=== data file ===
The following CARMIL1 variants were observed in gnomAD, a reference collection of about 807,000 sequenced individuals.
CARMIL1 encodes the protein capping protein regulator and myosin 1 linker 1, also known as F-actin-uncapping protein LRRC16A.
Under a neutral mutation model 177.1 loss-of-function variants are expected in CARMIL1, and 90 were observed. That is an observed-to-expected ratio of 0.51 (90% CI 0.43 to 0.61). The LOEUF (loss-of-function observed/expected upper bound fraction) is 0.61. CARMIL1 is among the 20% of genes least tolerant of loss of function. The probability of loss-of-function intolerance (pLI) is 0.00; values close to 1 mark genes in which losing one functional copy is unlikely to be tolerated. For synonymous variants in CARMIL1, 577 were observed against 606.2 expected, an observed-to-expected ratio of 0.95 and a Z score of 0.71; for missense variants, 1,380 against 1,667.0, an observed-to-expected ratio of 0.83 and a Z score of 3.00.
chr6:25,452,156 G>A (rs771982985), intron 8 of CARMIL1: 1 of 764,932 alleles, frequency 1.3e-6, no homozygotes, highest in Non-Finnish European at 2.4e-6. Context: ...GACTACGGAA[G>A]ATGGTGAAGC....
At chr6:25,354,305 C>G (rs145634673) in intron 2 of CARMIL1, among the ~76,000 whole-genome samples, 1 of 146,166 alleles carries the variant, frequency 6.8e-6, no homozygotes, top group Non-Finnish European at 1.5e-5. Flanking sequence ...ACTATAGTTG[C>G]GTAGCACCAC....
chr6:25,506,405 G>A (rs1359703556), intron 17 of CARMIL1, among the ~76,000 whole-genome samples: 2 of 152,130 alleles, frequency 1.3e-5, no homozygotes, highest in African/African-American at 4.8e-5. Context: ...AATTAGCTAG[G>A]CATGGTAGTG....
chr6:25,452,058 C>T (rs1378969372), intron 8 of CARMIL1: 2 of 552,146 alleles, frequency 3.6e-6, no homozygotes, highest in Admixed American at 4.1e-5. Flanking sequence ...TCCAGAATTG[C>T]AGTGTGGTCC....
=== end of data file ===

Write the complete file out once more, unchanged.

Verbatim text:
The following CARMIL1 variants were observed in gnomAD, a reference collection of about 807,000 sequenced individuals.
CARMIL1 encodes the protein capping protein regulator and myosin 1 linker 1, also known as F-actin-uncapping protein LRRC16A.
Under a neutral mutation model 177.1 loss-of-function variants are expected in CARMIL1, and 90 were observed. That is an observed-to-expected ratio of 0.51 (90% CI 0.43 to 0.61). The LOEUF (loss-of-function observed/expected upper bound fraction) is 0.61. CARMIL1 is among the 20% of genes least tolerant of loss of function. The probability of loss-of-function intolerance (pLI) is 0.00; values close to 1 mark genes in which losing one functional copy is unlikely to be tolerated. For synonymous variants in CARMIL1, 577 were observed against 606.2 expected, an observed-to-expected ratio of 0.95 and a Z score of 0.71; for missense variants, 1,380 against 1,667.0, an observed-to-expected ratio of 0.83 and a Z score of 3.00.
chr6:25,452,156 G>A (rs771982985), intron 8 of CARMIL1: 1 of 764,932 alleles, frequency 1.3e-6, no homozygotes, highest in Non-Finnish European at 2.4e-6. Context: ...GACTACGGAA[G>A]ATGGTGAAGC....
At chr6:25,354,305 C>G (rs145634673) in intron 2 of CARMIL1, among the ~76,000 whole-genome samples, 1 of 146,166 alleles carries the variant, frequency 6.8e-6, no homozygotes, top group Non-Finnish European at 1.5e-5. Flanking sequence ...ACTATAGTTG[C>G]GTAGCACCAC....
chr6:25,506,405 G>A (rs1359703556), intron 17 of CARMIL1, among the ~76,000 whole-genome samples: 2 of 152,130 alleles, frequency 1.3e-5, no homozygotes, highest in African/African-American at 4.8e-5. Context: ...AATTAGCTAG[G>A]CATGGTAGTG....
chr6:25,452,058 C>T (rs1378969372), intron 8 of CARMIL1: 2 of 552,146 alleles, frequency 3.6e-6, no homozygotes, highest in Admixed American at 4.1e-5. Flanking sequence ...TCCAGAATTG[C>T]AGTGTGGTCC....